By Oxfam India:
I screamed and burst into tears, “You don’t understand my feelings. What kind of solutions are you suggesting?” The counselor on the other side of the table however sat calmly, unfazed by the outburst. “Well, I am in love with him and you tell me to leave him. Will I not be upset?” I demanded to know. But Meena didi (the Social Worker) did not even blink at my tantrums. And I slowly realised that she was only testing me and my determination to sustain the relationship. And then she became my confidante and friend.
It all began when I fell in love with Dasarathi, my classmate in college, and we got married at a temple. I belong to a Scheduled Caste while Dasarathi belongs to a Scheduled Tribe, a social grouping that is considered higher than SCs in Kandhamal.
After we started living together, I realised that he was a very possessive person. He did not like the fact that I was working because to him that meant that I would be interacting with other men. He got so jealous after a point that he wanted me to quit my government job as a teacher. And I did… for him! Though we struggled for money, it was ok with us.
The fairytale went on until one day his estranged family decided to intervene. His brother dropped in one day and took him out for a while. Dasarathi told me he would be back in just a bit, and since his brother had come to their house for the first time, he would be staying for dinner. He left me with instructions that I should start cooking. I got on with the task and cooked an elaborate meal. All done, I waited for them to return. But they never came back home.
After waiting until the next morning, I called him and got to know that his brother had taken him away and had no plans of sending him back. Aghast and alone, I spent days trying to contact him. At times, he would send messages that he will come home soon but never turned up. Then, 26 days later, I went to the Women Support Centre at Phulbani’s Superintendant of Police’s office, run by ISD. I had seen the sign board many times so I knew where the Centre was. What I did not know was that I would need it one day.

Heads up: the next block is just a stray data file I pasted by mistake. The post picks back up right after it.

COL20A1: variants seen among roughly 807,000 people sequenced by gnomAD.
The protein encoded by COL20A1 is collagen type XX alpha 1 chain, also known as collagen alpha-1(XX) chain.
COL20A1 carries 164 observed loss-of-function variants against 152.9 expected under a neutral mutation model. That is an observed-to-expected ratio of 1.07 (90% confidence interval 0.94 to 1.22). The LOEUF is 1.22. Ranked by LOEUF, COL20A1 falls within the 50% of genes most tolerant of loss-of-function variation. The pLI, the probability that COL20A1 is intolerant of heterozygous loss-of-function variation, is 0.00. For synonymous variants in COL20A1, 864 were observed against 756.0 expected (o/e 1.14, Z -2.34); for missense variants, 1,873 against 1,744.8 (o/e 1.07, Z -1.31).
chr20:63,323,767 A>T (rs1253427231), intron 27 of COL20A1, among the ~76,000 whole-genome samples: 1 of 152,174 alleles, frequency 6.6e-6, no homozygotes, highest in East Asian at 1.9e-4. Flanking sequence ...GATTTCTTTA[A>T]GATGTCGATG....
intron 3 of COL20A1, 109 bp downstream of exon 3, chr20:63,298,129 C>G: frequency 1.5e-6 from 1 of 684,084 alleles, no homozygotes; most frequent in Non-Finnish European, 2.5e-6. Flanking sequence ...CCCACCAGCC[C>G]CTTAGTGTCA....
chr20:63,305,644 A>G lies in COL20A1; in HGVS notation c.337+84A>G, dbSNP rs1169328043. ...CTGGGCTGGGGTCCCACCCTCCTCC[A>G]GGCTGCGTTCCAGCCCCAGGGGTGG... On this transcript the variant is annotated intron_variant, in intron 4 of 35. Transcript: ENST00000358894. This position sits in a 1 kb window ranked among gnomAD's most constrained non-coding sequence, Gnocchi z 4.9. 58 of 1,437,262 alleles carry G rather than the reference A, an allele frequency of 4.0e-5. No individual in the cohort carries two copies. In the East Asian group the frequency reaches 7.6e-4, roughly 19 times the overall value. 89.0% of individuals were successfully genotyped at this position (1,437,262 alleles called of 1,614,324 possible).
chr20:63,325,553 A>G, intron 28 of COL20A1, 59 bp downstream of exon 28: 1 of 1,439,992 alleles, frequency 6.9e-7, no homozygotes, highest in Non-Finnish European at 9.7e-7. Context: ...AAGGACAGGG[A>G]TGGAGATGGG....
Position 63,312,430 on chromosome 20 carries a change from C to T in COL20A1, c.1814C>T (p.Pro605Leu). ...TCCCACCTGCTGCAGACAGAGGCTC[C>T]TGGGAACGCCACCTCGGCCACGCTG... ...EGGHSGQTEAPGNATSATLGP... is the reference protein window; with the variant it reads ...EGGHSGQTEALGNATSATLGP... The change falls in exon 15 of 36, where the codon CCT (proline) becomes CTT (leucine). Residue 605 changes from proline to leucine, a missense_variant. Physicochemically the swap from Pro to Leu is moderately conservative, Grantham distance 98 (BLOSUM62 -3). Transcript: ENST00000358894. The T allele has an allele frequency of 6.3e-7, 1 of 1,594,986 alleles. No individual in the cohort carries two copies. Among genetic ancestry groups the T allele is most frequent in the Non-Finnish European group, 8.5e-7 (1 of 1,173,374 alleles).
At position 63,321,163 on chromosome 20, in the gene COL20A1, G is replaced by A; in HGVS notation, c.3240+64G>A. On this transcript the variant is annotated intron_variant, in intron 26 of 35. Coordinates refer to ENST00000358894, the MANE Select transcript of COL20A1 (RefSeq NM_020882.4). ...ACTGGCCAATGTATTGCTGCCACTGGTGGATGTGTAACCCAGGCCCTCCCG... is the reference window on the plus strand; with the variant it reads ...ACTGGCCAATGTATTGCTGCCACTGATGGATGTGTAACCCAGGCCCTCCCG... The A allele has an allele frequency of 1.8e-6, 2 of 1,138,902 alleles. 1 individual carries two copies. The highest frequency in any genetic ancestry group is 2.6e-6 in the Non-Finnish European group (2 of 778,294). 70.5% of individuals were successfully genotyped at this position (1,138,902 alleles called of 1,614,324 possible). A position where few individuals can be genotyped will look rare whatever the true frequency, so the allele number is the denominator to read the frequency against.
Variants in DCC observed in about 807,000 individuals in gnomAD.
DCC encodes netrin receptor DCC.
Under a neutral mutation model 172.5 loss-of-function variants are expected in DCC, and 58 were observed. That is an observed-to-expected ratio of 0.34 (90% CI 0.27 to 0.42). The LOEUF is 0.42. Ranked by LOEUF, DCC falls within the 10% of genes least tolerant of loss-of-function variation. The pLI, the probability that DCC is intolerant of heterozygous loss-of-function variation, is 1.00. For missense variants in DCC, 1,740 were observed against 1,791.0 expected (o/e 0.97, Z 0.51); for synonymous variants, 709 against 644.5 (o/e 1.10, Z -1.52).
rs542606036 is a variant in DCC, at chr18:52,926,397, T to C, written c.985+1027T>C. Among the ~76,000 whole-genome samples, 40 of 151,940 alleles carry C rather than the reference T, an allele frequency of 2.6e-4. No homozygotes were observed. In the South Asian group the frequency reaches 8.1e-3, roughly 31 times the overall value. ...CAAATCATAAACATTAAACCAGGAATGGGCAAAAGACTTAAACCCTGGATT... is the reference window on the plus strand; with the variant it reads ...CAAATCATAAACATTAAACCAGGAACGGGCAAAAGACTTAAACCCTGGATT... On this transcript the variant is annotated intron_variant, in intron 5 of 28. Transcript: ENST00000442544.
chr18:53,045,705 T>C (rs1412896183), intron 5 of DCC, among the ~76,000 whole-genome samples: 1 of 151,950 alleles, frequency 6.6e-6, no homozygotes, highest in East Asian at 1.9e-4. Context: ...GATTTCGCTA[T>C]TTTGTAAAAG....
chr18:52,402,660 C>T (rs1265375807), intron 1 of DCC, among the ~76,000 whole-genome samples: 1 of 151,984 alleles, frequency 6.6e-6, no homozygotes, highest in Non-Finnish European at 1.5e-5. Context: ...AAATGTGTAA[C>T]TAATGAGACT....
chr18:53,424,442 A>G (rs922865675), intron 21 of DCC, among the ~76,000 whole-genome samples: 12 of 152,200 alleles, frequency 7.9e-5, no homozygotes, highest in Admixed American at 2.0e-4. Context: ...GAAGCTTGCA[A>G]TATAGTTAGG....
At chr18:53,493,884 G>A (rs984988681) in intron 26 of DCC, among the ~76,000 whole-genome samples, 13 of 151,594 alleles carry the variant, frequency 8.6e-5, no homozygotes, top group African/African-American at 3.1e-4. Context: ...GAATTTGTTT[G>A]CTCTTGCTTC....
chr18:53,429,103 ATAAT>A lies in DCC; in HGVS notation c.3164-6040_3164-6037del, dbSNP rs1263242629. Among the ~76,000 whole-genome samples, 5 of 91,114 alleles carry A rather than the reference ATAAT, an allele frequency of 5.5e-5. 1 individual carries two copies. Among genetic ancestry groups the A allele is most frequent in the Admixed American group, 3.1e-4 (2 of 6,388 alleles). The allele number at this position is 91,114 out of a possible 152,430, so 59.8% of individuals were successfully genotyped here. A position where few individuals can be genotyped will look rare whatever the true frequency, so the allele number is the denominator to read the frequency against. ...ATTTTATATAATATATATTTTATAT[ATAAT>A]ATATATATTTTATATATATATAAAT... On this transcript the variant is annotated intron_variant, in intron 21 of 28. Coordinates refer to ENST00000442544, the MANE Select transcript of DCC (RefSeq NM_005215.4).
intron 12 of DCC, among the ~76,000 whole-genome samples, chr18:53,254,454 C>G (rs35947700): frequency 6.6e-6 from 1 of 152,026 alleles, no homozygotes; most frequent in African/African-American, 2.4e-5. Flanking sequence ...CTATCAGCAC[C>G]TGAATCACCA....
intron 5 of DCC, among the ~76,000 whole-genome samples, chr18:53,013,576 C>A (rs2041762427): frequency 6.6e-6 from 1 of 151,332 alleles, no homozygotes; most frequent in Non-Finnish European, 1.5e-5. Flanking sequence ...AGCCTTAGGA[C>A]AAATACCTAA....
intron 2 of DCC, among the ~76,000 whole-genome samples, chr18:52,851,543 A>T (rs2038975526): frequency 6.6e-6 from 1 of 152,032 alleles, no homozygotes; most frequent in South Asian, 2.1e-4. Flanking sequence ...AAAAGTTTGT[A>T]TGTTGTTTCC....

The Centre staff listened to my whole story, established the fact that I was never legally married to Dasarathi and that it was unlikely that he would come back. They now needed to work out a strategy and, as a first step, asked me to move in with my parents. I asked them to send a letter to him but the social workers told me to be patient. And that a letter may be perceived mistakenly as a divorce notice. They wanted to meet him and talk to him.
I faced problems from other quarters too. My parents refused to take me back but agreed to let me live with my grandmother. I was now jobless too, and so I joined the training centre at Ahimsa NGO, working as a counselor. I also shifted to the government run shelter home attached to the NGO.
My husband would repeatedly call me and say a lot of sweet nothings. He would come to visit and bring gifts. But, there never was a word of commitment from him on when he would get back together with me.
When the Support Centre finally sent him a notice, his elder brother appeared and argued on his behalf. I argued that my husband was not a child and that he should come and settle matters. Yet, nothing happened. There was even a time when he got drunk and came to Ahimsa to argue with me. When our Director intervened, he beat the Director up and had to be arrested. It was a very frustrating time for me. But the Support Centre did not let me give up.
I had left my job for him. I had to even terminate a pregnancy because he did not want children yet. And his disappearance is what I got as a reward. But Ahimsa taught me confidence. So while I wanted that he be punished, I did not want to leave him either because I loved him so much.
The Support Centre then arranged for another meeting where Dasarathi finally showed up, apologised and agreed for a court marriage. The counseling team facilitated an agreement for a court marriage. It was then that I, because of the support from the social workers, decided that I did not want to marry him. He had no respect for me, why should I then do this was my question. His face was a sight to behold when I said that. While initially reluctant, I finally agreed to the marriage. The main issue for him was that his elder brother was ostracizing him as I belonged to a lower caste according to them. And that because of this, he might never find a suitable bride. That was the peg his brother used for an emotional blackmail.
With Dasharathi agreeing to a court marriage, and his family coming around, I in a way proved that I can fight my battles and win them too. “Sabita stands as an icon for fight against caste discrimination and politics in Kandhamal which has been a hotbed for so much contempt and stigma based on caste for so long,” said Meena, the social worker at the Support Centre.
Needless to say, my wedding was a family affair for the WSC team who backed me at each step in my pursuit of happiness.